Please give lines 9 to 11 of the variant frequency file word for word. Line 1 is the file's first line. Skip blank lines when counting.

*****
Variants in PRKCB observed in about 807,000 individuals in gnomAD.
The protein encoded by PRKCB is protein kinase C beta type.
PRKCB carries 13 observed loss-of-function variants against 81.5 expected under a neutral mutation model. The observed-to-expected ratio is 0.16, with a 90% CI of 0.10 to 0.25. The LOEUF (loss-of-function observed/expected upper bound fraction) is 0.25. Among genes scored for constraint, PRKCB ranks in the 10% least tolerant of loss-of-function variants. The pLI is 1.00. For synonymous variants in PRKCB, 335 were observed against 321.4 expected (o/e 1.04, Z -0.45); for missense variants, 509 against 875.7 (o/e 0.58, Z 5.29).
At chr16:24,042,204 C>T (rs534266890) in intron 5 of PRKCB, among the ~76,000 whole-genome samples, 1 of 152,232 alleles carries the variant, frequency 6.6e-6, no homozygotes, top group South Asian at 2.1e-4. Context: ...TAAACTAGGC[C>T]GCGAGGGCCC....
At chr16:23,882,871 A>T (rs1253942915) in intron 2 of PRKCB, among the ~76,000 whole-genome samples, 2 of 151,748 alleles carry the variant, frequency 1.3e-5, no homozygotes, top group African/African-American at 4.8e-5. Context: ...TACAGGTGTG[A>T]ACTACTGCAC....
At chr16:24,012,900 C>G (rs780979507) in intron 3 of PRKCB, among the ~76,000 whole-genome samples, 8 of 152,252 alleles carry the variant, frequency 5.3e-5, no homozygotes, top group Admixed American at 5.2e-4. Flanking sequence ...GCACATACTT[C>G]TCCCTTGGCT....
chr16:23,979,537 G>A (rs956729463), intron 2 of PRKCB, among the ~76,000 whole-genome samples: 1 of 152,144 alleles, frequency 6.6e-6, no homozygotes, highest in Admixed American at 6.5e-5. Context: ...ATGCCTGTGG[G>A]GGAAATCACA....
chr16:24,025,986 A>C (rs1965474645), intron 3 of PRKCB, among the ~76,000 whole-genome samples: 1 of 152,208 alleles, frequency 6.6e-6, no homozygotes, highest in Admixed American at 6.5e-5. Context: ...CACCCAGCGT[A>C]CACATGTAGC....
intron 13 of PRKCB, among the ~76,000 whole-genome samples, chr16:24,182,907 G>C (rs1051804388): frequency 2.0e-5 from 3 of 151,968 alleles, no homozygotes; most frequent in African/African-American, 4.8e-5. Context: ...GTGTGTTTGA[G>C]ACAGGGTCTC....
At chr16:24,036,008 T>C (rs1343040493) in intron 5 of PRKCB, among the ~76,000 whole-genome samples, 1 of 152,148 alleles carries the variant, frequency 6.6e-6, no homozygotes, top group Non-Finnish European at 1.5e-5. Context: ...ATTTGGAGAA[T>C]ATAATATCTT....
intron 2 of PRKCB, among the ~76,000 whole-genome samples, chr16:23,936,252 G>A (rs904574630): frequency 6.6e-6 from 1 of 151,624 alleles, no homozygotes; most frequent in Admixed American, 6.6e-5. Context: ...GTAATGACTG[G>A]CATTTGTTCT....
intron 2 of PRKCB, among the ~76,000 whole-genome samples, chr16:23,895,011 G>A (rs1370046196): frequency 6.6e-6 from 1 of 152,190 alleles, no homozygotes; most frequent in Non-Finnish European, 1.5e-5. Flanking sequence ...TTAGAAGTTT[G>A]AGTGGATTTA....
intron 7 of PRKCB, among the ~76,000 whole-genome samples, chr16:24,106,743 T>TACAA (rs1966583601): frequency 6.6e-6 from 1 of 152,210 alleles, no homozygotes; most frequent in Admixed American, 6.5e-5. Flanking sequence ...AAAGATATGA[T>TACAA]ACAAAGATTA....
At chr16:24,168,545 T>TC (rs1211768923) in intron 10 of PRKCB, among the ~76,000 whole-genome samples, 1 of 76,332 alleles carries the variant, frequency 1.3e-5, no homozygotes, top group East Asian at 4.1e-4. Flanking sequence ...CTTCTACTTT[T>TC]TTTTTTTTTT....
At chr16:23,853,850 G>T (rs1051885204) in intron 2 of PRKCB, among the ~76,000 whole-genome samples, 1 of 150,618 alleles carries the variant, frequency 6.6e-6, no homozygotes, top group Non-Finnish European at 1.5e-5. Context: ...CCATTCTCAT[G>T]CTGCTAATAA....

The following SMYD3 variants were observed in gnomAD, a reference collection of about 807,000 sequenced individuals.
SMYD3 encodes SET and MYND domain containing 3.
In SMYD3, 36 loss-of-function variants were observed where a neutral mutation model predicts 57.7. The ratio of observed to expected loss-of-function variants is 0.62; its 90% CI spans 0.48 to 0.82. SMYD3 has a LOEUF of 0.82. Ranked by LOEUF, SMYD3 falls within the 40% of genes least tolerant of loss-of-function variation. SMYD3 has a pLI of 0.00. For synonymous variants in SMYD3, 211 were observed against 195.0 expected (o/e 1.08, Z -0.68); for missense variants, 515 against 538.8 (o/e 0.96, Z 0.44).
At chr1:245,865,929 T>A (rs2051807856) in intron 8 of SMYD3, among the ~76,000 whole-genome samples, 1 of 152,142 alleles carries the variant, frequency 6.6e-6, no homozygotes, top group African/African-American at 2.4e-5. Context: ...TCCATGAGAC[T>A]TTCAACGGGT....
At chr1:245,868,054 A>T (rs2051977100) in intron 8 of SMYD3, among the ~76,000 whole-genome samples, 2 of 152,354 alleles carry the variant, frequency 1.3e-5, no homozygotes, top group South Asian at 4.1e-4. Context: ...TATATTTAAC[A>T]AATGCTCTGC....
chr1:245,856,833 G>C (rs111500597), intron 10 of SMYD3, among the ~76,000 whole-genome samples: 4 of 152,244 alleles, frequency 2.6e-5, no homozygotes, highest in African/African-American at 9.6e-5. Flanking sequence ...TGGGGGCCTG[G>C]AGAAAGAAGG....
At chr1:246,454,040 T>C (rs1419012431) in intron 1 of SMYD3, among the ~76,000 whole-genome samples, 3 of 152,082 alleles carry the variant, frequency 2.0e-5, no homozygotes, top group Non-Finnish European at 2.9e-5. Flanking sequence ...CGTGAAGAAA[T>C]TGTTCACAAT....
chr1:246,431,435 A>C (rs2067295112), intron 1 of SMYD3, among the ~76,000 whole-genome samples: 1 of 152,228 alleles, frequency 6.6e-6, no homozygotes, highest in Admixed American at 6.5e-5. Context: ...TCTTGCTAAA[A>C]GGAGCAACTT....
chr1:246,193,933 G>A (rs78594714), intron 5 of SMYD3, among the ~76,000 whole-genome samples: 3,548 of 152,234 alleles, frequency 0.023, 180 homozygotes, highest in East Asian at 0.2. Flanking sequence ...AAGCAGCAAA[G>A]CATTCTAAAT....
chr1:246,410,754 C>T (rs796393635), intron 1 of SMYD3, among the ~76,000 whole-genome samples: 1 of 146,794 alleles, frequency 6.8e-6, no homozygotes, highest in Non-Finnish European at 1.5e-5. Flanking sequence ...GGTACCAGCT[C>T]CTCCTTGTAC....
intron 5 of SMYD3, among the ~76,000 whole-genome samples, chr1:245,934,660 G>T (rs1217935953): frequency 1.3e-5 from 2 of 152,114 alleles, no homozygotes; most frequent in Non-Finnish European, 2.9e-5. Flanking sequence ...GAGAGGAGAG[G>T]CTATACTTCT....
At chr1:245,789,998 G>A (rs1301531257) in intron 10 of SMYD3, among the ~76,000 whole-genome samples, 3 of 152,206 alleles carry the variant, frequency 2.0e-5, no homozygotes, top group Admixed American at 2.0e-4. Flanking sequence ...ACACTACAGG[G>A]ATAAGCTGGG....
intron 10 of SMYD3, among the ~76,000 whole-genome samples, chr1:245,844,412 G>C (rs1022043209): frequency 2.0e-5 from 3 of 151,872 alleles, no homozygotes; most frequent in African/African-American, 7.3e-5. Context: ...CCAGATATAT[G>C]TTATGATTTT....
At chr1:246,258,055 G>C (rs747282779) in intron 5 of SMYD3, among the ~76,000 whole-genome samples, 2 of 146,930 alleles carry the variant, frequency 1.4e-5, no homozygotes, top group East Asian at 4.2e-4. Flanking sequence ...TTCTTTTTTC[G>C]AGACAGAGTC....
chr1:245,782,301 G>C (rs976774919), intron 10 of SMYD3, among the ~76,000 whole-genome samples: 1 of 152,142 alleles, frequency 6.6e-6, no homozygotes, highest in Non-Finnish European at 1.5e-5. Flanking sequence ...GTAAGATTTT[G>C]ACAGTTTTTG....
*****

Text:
intron 13 of PRKCB, among the ~76,000 whole-genome samples, chr16:24,182,907 G>C (rs1051804388): frequency 2.0e-5 from 3 of 151,968 alleles, no homozygotes; most frequent in African/African-American, 4.8e-5. Context: ...GTGTGTTTGA[G>C]ACAGGGTCTC....
At chr16:24,036,008 T>C (rs1343040493) in intron 5 of PRKCB, among the ~76,000 whole-genome samples, 1 of 152,148 alleles carries the variant, frequency 6.6e-6, no homozygotes, top group Non-Finnish European at 1.5e-5. Context: ...ATTTGGAGAA[T>C]ATAATATCTT....
intron 2 of PRKCB, among the ~76,000 whole-genome samples, chr16:23,936,252 G>A (rs904574630): frequency 6.6e-6 from 1 of 151,624 alleles, no homozygotes; most frequent in Admixed American, 6.6e-5. Context: ...GTAATGACTG[G>A]CATTTGTTCT....